Jeff Howell on why tea drinking in the building industry quite rightly retains a colossal symbolic importance
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The Independent Online
The shock events of 1 May are still reverberating around the building industry. Nobody has been able to talk much about anything else. Foreman, electrician, bricklayer, carpenter - one topic of conversation has dominated on site - is the pyramid shaped tea bag really an improvement? It was election day when the triangular box of free samples appeared on the doorstep of the job. Everyone in the country has had one, apparently; Brooke Bond have a better distribution system than the Liberal Democrats. The views expressed on the new product have largely reflected trade demarcations. The plumber is sceptical about the manufacturers' water circulation claims, while the carpenter appreciates the design, which always leave a corner stick out of the cup to aid removal (there is never a teaspoon on site, if there is, it has been stuck, wet, into the sugar bag); this is acknowledged as giving the pyramid bag an advantage over Tetley's round tea bag which, presumably, is the competition. The labourer pointed out that the pyramid is not actually a pyramid but a tetrahedron. This caused a moment or two of reflection, but I pointed out that the labourer is not actually a labourer but a sculptor, so what would he know about shapes?

The degree of attention given to the debate (and I mean concentrated attention; we're talking blind tasting tests here) is an indication of the importance tea drinking plays in the life of the building worker. Tea is a stimulant and its consumption is symbolic and ritualistic. Not quite on the level of your Japanese tea ceremony, granted, but an important ritual nonetheless.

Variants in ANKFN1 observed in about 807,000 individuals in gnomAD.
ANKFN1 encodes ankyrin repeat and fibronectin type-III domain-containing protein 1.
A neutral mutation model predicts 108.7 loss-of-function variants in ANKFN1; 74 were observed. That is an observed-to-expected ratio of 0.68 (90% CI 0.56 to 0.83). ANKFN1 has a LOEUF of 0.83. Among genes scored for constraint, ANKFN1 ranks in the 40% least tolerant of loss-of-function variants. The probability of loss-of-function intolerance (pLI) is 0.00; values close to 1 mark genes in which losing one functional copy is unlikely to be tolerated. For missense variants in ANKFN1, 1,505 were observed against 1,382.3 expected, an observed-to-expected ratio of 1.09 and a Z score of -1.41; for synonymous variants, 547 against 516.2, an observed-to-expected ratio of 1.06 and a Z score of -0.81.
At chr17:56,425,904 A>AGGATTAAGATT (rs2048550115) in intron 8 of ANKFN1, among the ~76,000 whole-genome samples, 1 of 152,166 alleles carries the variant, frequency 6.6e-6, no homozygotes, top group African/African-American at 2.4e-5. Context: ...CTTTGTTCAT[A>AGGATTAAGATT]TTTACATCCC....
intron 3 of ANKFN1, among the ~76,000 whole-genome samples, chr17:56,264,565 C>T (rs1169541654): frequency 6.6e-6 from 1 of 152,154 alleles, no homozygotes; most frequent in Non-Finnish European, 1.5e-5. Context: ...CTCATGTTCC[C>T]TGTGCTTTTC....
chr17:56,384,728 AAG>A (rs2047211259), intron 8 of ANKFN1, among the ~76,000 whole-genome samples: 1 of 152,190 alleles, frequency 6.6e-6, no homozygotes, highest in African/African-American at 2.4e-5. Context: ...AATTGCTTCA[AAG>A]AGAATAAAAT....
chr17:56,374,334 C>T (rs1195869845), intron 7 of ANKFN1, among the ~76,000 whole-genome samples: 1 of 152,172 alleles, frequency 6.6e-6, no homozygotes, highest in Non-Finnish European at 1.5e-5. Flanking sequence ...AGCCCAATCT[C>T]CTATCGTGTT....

When you are working in someone's house, the punter sometime seems to think you spend too long drinking tea and not enough time working. This is very rarely the case, although what can happen is that different trades may be partaking of refreshment at different times. This can give the impression that there is always a tea break going on; there might be, but not everyone is taking part in it. The wet trades, and plasterers especially, have their routines dictated by the setting times of the materials and will have their breaks accordingly.

The builders' tea ceremony has another manifestation when it is played out in the cafe. Builders go to the cafe for breakfast at 10 o'clock. All of them. If there are five jobs on the go in the vicinity of a greasy spoon cafe, then the workers from all five sites will be there at 10. Any talk of staggered visiting hours or flexi-time is out of the question. So you get thirty blokes queuing up at 10, and at half past the place is empty again. That's part of the ritual. Another part goes like this: suppose there are four of you from your site; you all order separately at the counter and pay for your own breakfast, but the first one up gets the teas in for everybody, as though it's a round of drinks in the pub. Then, halfway through breakfast, the next one gets another round in. And so on. If you try and buck the trend, by buying yourself, say, a cappuccino, you can get yourself a reputation as a pinko vegetarian agitator. The sort who remembers the real significance of May Day, for example.